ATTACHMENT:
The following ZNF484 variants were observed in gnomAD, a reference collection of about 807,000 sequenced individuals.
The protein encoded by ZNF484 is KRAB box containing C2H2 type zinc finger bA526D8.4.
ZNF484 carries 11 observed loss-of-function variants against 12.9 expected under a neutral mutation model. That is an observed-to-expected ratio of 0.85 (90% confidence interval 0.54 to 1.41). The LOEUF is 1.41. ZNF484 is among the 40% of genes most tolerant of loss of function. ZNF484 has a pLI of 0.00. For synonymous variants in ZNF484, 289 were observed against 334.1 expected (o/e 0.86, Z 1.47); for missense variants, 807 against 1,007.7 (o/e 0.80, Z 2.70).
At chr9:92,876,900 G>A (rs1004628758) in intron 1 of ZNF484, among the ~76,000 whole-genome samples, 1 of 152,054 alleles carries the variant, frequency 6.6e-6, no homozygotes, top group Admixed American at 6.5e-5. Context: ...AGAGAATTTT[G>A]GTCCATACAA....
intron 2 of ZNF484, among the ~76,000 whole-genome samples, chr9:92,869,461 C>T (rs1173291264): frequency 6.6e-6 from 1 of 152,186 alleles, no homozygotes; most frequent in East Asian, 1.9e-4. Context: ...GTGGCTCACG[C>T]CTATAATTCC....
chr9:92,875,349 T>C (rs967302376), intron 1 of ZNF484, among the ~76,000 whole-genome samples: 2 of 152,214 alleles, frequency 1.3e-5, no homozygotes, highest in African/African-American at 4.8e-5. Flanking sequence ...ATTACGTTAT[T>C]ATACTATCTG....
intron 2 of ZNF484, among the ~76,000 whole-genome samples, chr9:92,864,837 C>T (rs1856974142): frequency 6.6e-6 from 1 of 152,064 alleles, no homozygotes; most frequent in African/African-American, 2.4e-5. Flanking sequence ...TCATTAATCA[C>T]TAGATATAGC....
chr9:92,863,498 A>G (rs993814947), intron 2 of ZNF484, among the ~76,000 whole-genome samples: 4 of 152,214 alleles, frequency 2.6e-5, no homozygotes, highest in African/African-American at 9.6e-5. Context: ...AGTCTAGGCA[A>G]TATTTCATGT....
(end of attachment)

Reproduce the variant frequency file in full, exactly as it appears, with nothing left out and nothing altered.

The following ZNF484 variants were observed in gnomAD, a reference collection of about 807,000 sequenced individuals.
The protein encoded by ZNF484 is KRAB box containing C2H2 type zinc finger bA526D8.4.
ZNF484 carries 11 observed loss-of-function variants against 12.9 expected under a neutral mutation model. That is an observed-to-expected ratio of 0.85 (90% confidence interval 0.54 to 1.41). The LOEUF is 1.41. ZNF484 is among the 40% of genes most tolerant of loss of function. ZNF484 has a pLI of 0.00. For synonymous variants in ZNF484, 289 were observed against 334.1 expected (o/e 0.86, Z 1.47); for missense variants, 807 against 1,007.7 (o/e 0.80, Z 2.70).
At chr9:92,876,900 G>A (rs1004628758) in intron 1 of ZNF484, among the ~76,000 whole-genome samples, 1 of 152,054 alleles carries the variant, frequency 6.6e-6, no homozygotes, top group Admixed American at 6.5e-5. Context: ...AGAGAATTTT[G>A]GTCCATACAA....
intron 2 of ZNF484, among the ~76,000 whole-genome samples, chr9:92,869,461 C>T (rs1173291264): frequency 6.6e-6 from 1 of 152,186 alleles, no homozygotes; most frequent in East Asian, 1.9e-4. Context: ...GTGGCTCACG[C>T]CTATAATTCC....
chr9:92,875,349 T>C (rs967302376), intron 1 of ZNF484, among the ~76,000 whole-genome samples: 2 of 152,214 alleles, frequency 1.3e-5, no homozygotes, highest in African/African-American at 4.8e-5. Flanking sequence ...ATTACGTTAT[T>C]ATACTATCTG....
intron 2 of ZNF484, among the ~76,000 whole-genome samples, chr9:92,864,837 C>T (rs1856974142): frequency 6.6e-6 from 1 of 152,064 alleles, no homozygotes; most frequent in African/African-American, 2.4e-5. Flanking sequence ...TCATTAATCA[C>T]TAGATATAGC....
chr9:92,863,498 A>G (rs993814947), intron 2 of ZNF484, among the ~76,000 whole-genome samples: 4 of 152,214 alleles, frequency 2.6e-5, no homozygotes, highest in African/African-American at 9.6e-5. Context: ...AGTCTAGGCA[A>G]TATTTCATGT....